There is no “one size fits all” list of allergens, as allergies differ from patient to patient. The AFSA says that each person’s symptoms are caused by specific allergy triggers. To find out what triggers your symptoms, a doctor will ask you when and where the symptoms are worst, and then do skin or blood tests to look for “the allergy antibody”, called IgE in response to different pollens or other allergens.
In spring, pollen counts tend to be higher earlier in the morning, then settle during the day, and increase again around dusk. Therefore, Gray says there will be certain times of the day when sufferers will be less affected than at other times of the day.
Sufferers are most affected outdoors. However, pollen problems don’t end when people come indoors because pollen particles cling to hair, skin and clothing. This is particularly true for children, because they play outdoors, often for long stretches. “When you’ve been outside, it’s important to get rid of the pollen that you might be taking with you,” says Gray. “Take off shoes that might be tracking pollen all over the carpet. Take a shower.”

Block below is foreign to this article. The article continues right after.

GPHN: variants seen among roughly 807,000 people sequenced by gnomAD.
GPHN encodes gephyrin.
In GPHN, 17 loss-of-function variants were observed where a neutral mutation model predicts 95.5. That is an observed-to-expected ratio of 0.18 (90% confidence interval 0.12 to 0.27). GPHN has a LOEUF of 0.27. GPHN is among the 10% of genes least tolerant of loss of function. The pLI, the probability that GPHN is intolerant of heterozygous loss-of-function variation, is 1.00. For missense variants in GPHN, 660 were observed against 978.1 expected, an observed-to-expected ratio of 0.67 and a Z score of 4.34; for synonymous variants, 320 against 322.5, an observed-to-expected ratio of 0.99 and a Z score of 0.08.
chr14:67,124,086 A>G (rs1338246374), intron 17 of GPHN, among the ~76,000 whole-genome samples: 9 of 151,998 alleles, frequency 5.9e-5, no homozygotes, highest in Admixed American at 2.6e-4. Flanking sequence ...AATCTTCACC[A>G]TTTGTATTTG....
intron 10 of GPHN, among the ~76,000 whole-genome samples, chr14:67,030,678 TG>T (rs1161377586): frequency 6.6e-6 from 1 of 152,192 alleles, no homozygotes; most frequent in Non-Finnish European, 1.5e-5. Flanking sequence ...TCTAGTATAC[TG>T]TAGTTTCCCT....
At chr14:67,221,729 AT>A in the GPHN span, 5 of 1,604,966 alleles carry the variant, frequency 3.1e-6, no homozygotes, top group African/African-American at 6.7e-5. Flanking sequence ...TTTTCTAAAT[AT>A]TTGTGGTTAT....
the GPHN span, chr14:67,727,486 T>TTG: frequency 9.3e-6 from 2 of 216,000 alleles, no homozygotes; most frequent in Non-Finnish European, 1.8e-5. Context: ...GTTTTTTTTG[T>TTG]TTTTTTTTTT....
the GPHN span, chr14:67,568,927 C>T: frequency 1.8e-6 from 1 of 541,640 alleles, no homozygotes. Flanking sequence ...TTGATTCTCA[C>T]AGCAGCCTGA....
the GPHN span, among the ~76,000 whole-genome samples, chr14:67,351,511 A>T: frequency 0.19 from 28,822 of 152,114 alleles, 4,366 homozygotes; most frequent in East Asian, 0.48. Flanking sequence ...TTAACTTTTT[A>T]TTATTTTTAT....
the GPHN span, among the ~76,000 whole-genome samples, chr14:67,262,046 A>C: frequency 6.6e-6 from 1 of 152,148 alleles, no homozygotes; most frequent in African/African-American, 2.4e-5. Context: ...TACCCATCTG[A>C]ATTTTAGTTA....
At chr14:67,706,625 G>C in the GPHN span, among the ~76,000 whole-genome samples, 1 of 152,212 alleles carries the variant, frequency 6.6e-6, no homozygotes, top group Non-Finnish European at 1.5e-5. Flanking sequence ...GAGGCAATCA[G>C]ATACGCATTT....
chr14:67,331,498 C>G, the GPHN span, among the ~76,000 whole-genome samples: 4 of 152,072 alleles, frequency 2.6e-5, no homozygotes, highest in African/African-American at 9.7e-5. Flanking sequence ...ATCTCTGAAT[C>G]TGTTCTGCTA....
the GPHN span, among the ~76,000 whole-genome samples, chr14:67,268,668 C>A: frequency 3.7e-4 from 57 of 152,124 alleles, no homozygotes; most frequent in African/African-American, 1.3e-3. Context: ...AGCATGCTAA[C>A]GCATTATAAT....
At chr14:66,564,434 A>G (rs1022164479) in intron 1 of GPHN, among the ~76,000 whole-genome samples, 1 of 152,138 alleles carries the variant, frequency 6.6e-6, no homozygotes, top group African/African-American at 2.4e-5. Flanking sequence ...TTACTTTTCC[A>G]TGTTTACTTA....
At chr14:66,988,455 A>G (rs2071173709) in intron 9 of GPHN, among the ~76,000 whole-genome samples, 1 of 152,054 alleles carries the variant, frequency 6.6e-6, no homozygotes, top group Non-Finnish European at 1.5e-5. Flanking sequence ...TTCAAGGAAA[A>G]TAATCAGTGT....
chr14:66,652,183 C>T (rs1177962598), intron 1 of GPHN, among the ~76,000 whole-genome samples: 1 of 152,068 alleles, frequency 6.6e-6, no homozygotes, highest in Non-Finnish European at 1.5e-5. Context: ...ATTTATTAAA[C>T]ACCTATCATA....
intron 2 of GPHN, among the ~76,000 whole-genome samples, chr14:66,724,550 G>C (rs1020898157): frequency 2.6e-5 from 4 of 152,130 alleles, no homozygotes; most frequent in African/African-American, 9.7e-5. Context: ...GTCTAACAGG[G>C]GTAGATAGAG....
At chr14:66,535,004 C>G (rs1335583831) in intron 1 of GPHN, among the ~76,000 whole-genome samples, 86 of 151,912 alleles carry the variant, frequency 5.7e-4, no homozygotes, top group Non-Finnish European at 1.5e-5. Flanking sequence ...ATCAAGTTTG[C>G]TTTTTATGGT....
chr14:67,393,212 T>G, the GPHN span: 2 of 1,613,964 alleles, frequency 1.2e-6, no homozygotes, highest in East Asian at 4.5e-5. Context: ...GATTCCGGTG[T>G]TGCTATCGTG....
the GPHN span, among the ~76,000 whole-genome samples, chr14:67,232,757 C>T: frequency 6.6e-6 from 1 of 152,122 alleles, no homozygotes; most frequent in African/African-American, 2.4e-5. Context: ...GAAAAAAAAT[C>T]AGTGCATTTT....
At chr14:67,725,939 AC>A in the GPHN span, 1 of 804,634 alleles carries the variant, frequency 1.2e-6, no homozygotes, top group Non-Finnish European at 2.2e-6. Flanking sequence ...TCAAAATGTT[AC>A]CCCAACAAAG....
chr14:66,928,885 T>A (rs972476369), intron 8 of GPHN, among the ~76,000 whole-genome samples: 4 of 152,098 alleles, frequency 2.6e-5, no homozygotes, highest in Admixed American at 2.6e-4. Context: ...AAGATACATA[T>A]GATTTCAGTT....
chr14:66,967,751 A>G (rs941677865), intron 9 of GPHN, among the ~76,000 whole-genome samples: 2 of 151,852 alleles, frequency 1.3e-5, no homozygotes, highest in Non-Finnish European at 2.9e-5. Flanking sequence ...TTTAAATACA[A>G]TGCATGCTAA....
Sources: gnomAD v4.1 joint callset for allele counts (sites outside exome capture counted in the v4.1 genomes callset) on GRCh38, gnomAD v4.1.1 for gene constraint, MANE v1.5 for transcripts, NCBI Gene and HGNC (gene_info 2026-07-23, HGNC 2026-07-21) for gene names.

And if you or your child suffers from a severe seasonal allergy, you should protect yourselves from allergens just as you would from the sun. She recommends wearing hats, sunglasses, long sleeves and pants to reduce your exposure to pollen.
AFSA suggests the following tips to reduce exposure to allergens:
- Wash bedding every two weeks in water heated to at least 60 degrees.
- Avoid carpeting and upholstered furniture.
- Keep pets out of certain rooms like your bedrooms.
- Stay indoors until after midday (if possible) particularly in pollen season, on hot, windy days.
- Do not mow the grass. Stay inside when it is being mown.
- Consider planting a low allergen garden around the house.
- Keep windows closed both at home and particularly when in your car, and where possible use recirculating air conditioning in your car.
- Do not picnic in parks or in the country during the pollen season.
- Try to plan your holidays out of the pollen season or holiday at the seaside.
- If you are sensitive to particular weeds or trees that are near your bedroom window, have them removed.
- Shower when you arrive home and rinse your eyes frequently with water.
Of course, for some sufferers, avoidance is just not going to cut it, and medical intervention becomes necessary. Nose sprays and antihistamines are not a cure, but they can be very effective at treating the symptoms of allergies.